Dombrowski on GC hunt in California: ‘I’m fit and fast again’
SACRAMENTO (VN) — When American Joe Dombrowski won the 2012 GiroBio, or “Baby Giro d’Italia,” the runner-up on the final podium was Italian Fabio Aru (Astana).
As with the Tour de l’Avenir — the under-25 stage race put on by Tour de France organizer ASO — the GiroBio, for riders under 27, was positioned as indication of things to come, a predictor of future grand tour podiums. (The GiroBio has not been held since 2012.)
Now, three years later, Aru and Dombrowski are on different paths.
Aru, a gangly climber, is at the Giro d’Italia as one of the favorites for the podium in a race that features favorites such as Alberto Contador (Tinkoff-Saxo), Richie Porte (Sky), and Rigoberto Urán (Etixx-Quick-Step).
Dombrowski, also a long, lean climber, is in the Amgen Tour of California as an unproven GC leader for his new Cannondale-Garmin squad, and as a rider with something to prove, particularly when the peloton hits the steep slopes of Mt. Baldy on Saturday’s queen stage.
Aru, 24, finished third overall at last year’s Giro, and went on to take a pair of uphill stage wins at the Vuelta a España in September.
By contrast, Cannondale-Garmin’s Dombrowski spent the 2013 and 2014 seasons with Team Sky, largely lost in one of the sport’s biggest-budget teams while he battled a nagging leg problem that turned out to be Iliac Artery Endofibrosis — a narrowing of the major artery that runs through the pelvis and down the leg, reducing blood supply to the leg when exercising.
In 2012, prior to his GiroBio win, Dombrowski placed sixth on Baldy while riding for Bontrager-Livestrong, setting the Strava record, though he finished that stage 18 seconds slower than eventual race winner Robert Gesink (LottoNL-Jumbo). That proved to be Dombrowski’s breakthrough ride. This year, the Baldy climb returns to the Amgen Tour of California following a two-year absence.
Cannondale-Garmin came to California with both Dombrowski and Andrew Talansky as potential GC contenders, but any chance of a dual-pronged attack quickly disappeared when Talansky withdrew from the race midway through the opening stage in Sacramento, citing a respiratory infection brought on by seasonal allergies. Cannondale’s plan is now to hunt for stage wins, with riders such as Alex Howes and Lasse Hansen, while keeping Dombrowski protected for the Baldy stage.
“We’re hoping for a breakout performance from one of our many young riders,” said Jonathan Vaughters, Cannondale team manager, in a pre-race press release. “Joe Dombrowski first proved himself in California in 2012 on Mt. Baldy. I think he’s looking to see what he can do there again. Our objective will be to race for the win as much as possible on every day that presents a chance.”
Though Dombrowski will be the team’s protected GC rider, Vaughters’ statement was hardly a ringing endorsement for his young climber. And it’s hard to fault him — since that GiroBio win, Dombrowski has only shown glimpses of the potential that earned him Velo’s award as the 2012 under-23 rider of the year, and a lucrative two-year contract with Team Sky.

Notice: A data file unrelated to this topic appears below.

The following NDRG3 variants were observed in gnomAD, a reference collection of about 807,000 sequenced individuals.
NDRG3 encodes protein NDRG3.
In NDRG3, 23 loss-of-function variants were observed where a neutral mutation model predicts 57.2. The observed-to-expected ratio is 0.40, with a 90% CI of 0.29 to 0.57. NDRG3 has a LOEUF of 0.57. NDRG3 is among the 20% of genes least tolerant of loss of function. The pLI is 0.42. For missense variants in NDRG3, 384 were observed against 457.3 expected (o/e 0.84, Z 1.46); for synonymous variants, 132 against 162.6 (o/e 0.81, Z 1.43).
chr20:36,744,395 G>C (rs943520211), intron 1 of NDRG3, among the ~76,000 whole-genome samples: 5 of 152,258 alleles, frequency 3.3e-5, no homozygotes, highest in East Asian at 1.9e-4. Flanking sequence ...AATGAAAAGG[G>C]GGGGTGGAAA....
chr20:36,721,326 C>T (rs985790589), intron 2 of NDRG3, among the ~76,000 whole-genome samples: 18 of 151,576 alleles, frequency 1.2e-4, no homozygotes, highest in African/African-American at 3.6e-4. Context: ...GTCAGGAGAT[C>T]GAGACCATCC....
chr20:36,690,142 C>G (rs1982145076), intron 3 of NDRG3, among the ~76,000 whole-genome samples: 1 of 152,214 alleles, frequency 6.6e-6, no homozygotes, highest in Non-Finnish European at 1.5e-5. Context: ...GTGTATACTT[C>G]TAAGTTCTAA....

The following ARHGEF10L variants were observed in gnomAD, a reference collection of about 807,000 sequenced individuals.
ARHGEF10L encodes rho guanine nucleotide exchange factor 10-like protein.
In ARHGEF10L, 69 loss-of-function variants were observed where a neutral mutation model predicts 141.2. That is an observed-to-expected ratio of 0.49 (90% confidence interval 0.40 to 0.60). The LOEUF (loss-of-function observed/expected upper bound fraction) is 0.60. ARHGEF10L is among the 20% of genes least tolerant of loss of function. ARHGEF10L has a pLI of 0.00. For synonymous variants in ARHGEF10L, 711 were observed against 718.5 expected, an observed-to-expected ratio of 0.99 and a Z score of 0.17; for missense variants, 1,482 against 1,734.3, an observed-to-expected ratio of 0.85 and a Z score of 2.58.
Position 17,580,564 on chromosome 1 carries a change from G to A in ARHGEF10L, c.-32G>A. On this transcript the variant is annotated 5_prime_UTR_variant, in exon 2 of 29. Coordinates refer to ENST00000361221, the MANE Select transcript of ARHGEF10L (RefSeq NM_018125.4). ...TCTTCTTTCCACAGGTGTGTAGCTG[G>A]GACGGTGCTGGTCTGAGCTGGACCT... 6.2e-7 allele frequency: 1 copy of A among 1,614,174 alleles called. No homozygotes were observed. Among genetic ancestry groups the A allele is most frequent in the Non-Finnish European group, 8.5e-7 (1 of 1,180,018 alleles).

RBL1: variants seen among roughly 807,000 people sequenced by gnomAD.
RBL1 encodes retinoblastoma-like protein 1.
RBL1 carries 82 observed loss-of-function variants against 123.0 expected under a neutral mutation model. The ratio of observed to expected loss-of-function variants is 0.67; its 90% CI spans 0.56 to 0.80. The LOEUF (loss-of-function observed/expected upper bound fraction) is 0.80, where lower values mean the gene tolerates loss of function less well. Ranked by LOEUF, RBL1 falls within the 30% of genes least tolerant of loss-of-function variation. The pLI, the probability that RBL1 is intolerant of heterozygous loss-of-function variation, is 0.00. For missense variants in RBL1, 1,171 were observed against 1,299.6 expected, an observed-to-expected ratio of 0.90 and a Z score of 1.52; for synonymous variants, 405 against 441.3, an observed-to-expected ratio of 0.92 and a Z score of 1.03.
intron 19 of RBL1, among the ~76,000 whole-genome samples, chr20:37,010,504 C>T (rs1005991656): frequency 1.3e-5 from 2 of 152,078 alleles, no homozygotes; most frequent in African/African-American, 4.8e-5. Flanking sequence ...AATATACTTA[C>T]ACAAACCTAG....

Dombrowski’s results in 2013, his rookie season with Sky, were littered with DNFs and DNSs — not entirely unusual for a neo-pro, but not promising, either.
His 2014 season wasn’t any better, though he had flashes of brilliance, riding in a critical support role for Tour of California winner Bradley Wiggins on Mount Diablo and Mountain High.
Dombrowski had surgery to fix the Iliac Artery Endofibrosis in August and was not picked up by Sky, instead signing with Cannondale-Garmin.
Thus far in 2015, Dombrowski has shown signs that he’s returning to top form. He finished seventh overall at the Tour de San Luis in January, placing seventh on the main climbing stage, 19 seconds behind Colombian Nairo Quintana (Movistar). In April he abandoned the Volta a Catalunya on the sixth stage, and then finished 22nd overall at the Giro del Trentino.
Yet in the days before the Tour of California began, Dombrowski told VeloNews that he believes he’s ready to fight for the win.
Asked if he should be considered a favorite to take the race lead on Mt. Baldy, he answered, “I had some issues the last couple of years, and last year I was off my bike for a long time, but that seems to be resolved now. I’m fit and fast again. I don’t see any reason why not.”
Dombrowski added that sees his former Sky teammate Sergio Henao as the overall favorite among a list of potential podium finishers.
“Gesink, Warren Barguil and Carter Jones [of Giant-Alpecin], Julien Alaphilippe [Etixx-Quick-Step], though I don’t know how well he goes on long climbs … Phil Gaimon [Optum-Kelly Benefit Strategies] could do a good ride, and then of course Sky has Sergio Henao, Pete Kennaugh, and Ian Boswell, though I think they will focus more on Pete and Sergio. I think Sergio is the guy on Baldy. I see Sergio as the favorite, if I had to pin it on any one rider.”
And how does Dombrowski rate himself in that pool of riders? “Yeah, I’d say I have a decent shot,” he said. “Yep.”
As for the comparison between his trajectory and that of Aru’s, Dombrowski was diplomatic.
“I don’t really focus so much on that,” Dombrowski said. “I mean, I just think, that was that, and now … I think riders develop at different rates. Some guys are great amateurs, and they don’t do anything as pros. Sometimes it’s the other way around. I have had some setbacks the last few years, that hampered my development a bit, but I wouldn’t say it stresses me, or bothers me. I watched [Aru] at the Vuelta last year, I watched him win two stages, while I was sitting home not riding my bike, and that’s fine; it doesn’t bother me.”